• 2019 Domaine de l'Anglore Les Traverses - France, Vin de France
    70% Syrah, 30% Grenache. Rather disappointed with this after the very impressive rose that I loved. Made in a glou-glou, natural style with overbearing purple fruit that wasn't in balance with the tartness of the wine. Bojo-like in a bad way. I have a 2013 of this and I dare not imagine how it tastes like.


 
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Last night I finished off a Saint Romain blanc La Combe Bazin Domaine Billard 2018 - no fireworks, but just a lovely, easy-going, everyday white burgundy. Straightforward but beautifully lightweight (but not inconsequential) - almost ethereal. A dash of minerality adds spark to the very decent finish. An astonishing bargain for the £12 DP I paid for this wine, which was sourced by bargain hunter extraordinaire Michael Warner. I should have bought more than the three bottles I took, but at the time 'I wasn't buying wine'. This will be my bargain white of the year in Tom's roundup.
 
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Maybe not his best vintage but quaffable nevertheless... very good but not great
As you say Antoine, a very good wine. Then again it is only village. The '12 is a couple of notches better, IMO. The secondary market price is bonkers, of course.
  • 2013 Domaine G. Roumier / Christophe Roumier Chambolle-Musigny - France, Burgundy, Côte de Nuits, Chambolle-Musigny (10/10/2020)
    Lovely colour; serious bouquet, stern even, an earthiness along with a mix of red & black fruits; has a weightlessness, touch of white pepper, tannins remain; good depth to a firm finish. Give this more time. (90 pts.)
Posted from CellarTracker
 
Pichon Baron 1989. Excellent fill, good cork, promising colour with little bricking.
Nose - disappointing initially, gets worse.
Palate - strangely savoury, drying tanins, barely any fruit, barely anything pleasing in truth.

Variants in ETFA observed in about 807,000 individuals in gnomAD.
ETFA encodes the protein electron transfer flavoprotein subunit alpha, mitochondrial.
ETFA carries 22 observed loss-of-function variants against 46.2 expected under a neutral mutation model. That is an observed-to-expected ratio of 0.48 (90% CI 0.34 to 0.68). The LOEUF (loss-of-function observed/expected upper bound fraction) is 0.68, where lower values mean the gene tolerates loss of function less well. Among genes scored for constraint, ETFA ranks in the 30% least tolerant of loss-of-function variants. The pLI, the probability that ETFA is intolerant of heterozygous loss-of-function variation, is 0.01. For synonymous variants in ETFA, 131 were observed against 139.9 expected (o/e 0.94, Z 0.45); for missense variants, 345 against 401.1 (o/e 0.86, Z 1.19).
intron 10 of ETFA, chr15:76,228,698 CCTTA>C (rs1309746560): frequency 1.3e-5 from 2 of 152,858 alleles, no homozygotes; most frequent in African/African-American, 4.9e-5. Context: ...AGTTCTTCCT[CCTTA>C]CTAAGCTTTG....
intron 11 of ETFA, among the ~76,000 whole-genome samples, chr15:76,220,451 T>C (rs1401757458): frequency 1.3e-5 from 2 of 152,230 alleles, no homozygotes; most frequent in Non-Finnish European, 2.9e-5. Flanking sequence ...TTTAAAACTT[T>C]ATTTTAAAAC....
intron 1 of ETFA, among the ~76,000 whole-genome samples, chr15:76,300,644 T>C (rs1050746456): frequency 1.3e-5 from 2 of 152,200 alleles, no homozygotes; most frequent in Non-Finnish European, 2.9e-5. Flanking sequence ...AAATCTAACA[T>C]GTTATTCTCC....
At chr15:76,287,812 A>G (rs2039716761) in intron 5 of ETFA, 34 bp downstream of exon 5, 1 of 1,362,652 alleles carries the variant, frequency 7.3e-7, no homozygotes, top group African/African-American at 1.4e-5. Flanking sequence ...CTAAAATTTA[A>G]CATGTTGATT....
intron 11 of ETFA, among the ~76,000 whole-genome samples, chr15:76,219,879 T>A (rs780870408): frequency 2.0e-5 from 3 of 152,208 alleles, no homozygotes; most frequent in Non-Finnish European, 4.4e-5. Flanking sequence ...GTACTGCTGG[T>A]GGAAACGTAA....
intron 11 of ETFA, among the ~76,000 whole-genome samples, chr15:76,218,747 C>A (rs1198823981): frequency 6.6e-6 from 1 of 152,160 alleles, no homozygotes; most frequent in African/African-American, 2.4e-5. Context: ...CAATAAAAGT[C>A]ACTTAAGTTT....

A weird showing I’m struggling to make sense of! Other bottles have been excellent. Could it have been a fake?!
 
Location
UK
I have two cases of burgundy from my TWS cellar plan:

Louis Jadot Marsannay Clos du Roy (Gagey) 2015​

Louis Jadot, Chorey-lès Beaune Les Beauxmonts (Domaine Gagey) 2015​

One is suggested to drink 2023 -, the other 2024-. I have relatively limited experience with TWS drink dates, and these wines. Does anybody else have some insight into a) whether these dates from TWS are likely accurate (conflicting views on this in other places, such as TWS community), b) whether either are worth a shot (or better still, has anybody had these exact wines?). I do of course have other options for tonight so will gladly accept that opening either would be a 'bad' move, but...curiosity...

Thank you!

(Posted this in the wrong weekly thread originally!)
 
Business lunch with a colleague at the Lighterman pub, behind kings x today. Wasn’t going to drink but then my colleague was keen so looked at the short list with low expectations, only to see this

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So despite the incorrect naming of the wine, it’s not a BB but a HCdeB of course, a bottle was duly ordered.

Managed to hide my amazement and excitement whilst doing so, think I managed a casual “shall we have the chardonnay?”.

Still a bit young and tight but opened up nicely to show a good hit of aniseed amongst the limey apple juiciness. Lovey line of acidity too. Very good but not as characterful as the straight BB in this vintage.

What a result though!

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Pichon Baron 1989. Excellent fill, good cork, promising colour with little bricking.
Nose - disappointing initially, gets worse.
Palate - strangely savoury, drying tanins, barely any fruit, barely anything pleasing in truth.
A weird showing I’m struggling to make sense of! Other bottles have been excellent. Could it have been a fake?!
It sounds like low level TCA from your description, Jonathan.
 
Yes, very surprising pricing. The Tempier rose at £75 is more or less 3x TWS retail but the PYCM is not even 3x AB EP all in pricing. Don’t really know the other wines.